Tiller Characteristics of Timothy and Tall Fescue in Relation to Herbage Mass Accumulation
- Perttu Virkajärvi *a,
- Kirsi Pakarinena,
- Maarit Hyrkäsa,
- Mervi Seppänenb and
- Gilles Bélangerc
- a MTT Agrifood Research Finland, Animal Production Research, Halolantie 31 A, FI-71750 Maaninka, Finland
b Department of Agricultural Sciences, University of Helsinki, Latokartanonkaari 5, FI-00014 University of Helsinki, Finland
c Soils and Crops Research and Development Centre, Agriculture and Agri-Food Canada, 2560 Hochelaga Blvd., Québec, QC, Canada G1V 2J3
Herbage dry matter (DM) yield of grasses is a function of the density and size of vegetative (VEG), generative (GEN), and elongating vegetative (ELONG) tillers. We determined the contribution of these three tiller types to DM yield accumulation along with their main morphological characteristics on three sampling dates during each of the primary growth and the regrowth of field-grown swards of timothy (Phleum pratense L.) and tall fescue (Festuca arundinacea Schreb.). Our results provide the first quantitative characterization of ELONG tillers, which contributed to timothy DM yield by up to 28% in primary growth and 58% in regrowth. In tall fescue, VEG tillers were dominant in primary growth and regrowth (74 to 100% of DM yield). The GEN tillers were dominant (67 to 74% of DM yield) in the primary growth of timothy while in the regrowth, VEG tillers were dominant early (84% of DM yield) but ELONG tillers represented 58% of DM yield later on. Timothy and tall fescue had similar rates of DM accumulation. The greater DM yield on all sampling times of the regrowth of tall fescue confirms a greater growth before the first sampling, most likely due to the greater proportion of VEG tillers. The GEN tillers were large with low leaf to weight ratio (LWR) and proportion of attached senesced material whereas VEG tillers were small with high LWR and large proportion of attached senesced material. The ELONG tillers were intermediate in size and LWR but they had a low proportion of attached senesced material.Please view the pdf by using the Full Text (PDF) link under 'View' to the left.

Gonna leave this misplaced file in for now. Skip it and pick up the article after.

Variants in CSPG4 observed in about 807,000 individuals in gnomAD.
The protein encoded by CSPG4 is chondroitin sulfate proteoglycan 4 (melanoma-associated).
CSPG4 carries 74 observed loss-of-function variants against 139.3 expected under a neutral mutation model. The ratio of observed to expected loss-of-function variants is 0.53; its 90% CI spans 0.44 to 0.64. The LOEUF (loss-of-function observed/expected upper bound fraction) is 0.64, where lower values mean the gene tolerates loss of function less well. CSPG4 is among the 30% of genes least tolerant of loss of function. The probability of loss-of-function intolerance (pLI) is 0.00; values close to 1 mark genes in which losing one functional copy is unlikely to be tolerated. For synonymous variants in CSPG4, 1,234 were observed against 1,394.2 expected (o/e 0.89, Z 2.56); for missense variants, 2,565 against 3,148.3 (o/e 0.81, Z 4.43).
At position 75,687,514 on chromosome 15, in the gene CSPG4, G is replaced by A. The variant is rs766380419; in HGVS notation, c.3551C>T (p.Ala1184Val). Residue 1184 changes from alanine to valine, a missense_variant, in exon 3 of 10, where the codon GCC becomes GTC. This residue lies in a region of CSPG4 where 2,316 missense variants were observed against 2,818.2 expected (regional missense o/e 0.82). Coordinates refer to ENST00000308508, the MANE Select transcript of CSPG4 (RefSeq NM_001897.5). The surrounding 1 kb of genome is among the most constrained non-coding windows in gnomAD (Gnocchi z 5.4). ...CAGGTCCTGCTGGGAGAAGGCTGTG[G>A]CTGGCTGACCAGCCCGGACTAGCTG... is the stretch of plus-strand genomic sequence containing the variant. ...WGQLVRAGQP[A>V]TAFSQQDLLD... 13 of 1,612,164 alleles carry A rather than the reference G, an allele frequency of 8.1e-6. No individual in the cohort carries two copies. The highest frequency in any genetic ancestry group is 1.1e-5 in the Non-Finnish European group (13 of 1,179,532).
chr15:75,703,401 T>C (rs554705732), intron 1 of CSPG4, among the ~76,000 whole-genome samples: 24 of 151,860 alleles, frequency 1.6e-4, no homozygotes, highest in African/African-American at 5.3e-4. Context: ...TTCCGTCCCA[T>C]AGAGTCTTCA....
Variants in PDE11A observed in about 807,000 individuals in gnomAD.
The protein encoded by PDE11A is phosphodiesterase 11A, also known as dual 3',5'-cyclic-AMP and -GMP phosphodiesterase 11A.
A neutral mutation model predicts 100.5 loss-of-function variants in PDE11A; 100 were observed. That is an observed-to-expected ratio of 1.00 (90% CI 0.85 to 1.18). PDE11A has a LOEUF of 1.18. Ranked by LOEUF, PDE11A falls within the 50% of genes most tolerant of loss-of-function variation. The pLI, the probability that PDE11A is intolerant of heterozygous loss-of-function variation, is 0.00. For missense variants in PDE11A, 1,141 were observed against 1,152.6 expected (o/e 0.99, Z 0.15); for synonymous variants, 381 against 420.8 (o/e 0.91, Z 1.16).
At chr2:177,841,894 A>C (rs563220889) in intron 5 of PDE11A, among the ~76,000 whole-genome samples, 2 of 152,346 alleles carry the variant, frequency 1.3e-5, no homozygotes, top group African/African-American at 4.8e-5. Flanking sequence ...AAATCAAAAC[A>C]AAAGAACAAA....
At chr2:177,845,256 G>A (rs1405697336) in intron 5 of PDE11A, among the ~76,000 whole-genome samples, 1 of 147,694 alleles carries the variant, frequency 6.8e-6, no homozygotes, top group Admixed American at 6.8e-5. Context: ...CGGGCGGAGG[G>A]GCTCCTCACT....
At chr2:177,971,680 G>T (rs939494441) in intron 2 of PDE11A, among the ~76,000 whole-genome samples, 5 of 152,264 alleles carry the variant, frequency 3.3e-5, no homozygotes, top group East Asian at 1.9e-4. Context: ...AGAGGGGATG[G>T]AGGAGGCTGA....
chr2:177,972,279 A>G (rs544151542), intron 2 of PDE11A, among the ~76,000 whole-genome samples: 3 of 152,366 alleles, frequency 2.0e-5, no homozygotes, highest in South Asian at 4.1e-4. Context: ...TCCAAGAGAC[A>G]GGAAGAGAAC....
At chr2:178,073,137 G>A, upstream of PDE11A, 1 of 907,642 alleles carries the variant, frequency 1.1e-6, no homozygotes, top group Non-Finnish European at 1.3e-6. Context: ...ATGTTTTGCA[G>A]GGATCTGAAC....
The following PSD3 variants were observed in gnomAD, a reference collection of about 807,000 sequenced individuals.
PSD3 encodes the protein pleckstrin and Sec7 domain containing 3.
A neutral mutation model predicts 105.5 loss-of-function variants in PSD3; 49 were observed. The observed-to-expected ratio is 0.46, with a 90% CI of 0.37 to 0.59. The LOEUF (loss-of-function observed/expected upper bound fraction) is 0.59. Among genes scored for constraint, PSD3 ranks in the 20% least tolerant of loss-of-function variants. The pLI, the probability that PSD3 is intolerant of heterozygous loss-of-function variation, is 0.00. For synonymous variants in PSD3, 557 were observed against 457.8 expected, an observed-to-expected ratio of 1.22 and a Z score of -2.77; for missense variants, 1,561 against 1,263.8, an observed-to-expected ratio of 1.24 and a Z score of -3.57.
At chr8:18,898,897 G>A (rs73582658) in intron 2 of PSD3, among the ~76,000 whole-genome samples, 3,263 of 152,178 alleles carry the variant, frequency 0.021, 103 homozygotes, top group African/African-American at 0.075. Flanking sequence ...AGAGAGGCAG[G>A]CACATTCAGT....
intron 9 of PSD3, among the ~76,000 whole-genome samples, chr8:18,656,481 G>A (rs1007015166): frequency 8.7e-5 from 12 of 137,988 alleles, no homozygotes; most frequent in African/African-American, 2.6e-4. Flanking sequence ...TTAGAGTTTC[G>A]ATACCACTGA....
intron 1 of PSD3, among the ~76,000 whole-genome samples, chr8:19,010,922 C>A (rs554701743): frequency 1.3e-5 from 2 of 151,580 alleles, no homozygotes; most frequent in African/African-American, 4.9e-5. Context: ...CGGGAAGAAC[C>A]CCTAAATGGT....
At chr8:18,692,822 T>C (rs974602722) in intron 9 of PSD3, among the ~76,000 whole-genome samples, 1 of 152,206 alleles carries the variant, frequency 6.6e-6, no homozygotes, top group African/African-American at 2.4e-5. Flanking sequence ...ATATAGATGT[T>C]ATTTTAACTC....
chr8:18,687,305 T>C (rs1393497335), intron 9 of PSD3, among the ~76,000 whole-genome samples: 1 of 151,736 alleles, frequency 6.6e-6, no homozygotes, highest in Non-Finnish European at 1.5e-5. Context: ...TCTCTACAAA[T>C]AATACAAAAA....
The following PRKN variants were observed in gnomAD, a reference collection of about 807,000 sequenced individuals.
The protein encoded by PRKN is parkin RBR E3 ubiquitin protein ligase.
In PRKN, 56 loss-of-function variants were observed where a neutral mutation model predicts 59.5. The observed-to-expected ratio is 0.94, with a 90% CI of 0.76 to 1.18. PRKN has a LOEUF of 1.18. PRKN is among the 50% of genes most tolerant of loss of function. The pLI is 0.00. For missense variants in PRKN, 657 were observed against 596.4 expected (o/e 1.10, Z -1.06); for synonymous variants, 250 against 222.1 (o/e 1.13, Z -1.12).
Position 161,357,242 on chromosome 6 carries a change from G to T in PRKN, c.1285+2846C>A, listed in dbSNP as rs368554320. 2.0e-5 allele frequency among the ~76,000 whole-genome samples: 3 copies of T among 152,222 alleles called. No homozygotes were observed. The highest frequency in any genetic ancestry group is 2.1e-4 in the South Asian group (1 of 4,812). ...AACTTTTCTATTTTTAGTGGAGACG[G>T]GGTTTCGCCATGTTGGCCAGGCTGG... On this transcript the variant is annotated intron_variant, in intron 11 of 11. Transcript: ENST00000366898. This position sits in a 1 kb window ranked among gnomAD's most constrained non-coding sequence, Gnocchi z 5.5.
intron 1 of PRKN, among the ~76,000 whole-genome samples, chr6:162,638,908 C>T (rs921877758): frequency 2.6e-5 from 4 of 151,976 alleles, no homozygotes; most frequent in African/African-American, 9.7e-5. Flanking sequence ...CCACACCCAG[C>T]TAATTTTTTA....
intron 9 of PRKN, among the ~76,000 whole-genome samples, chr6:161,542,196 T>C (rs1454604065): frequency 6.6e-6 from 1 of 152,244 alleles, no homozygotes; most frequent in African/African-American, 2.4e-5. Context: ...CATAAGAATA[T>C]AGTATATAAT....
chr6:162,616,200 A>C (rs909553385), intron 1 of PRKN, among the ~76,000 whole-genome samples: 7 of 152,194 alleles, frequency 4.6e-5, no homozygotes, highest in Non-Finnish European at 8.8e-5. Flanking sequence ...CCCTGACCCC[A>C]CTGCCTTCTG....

Copyright © 2012. Copyright © by the Crop Science Society of America, Inc.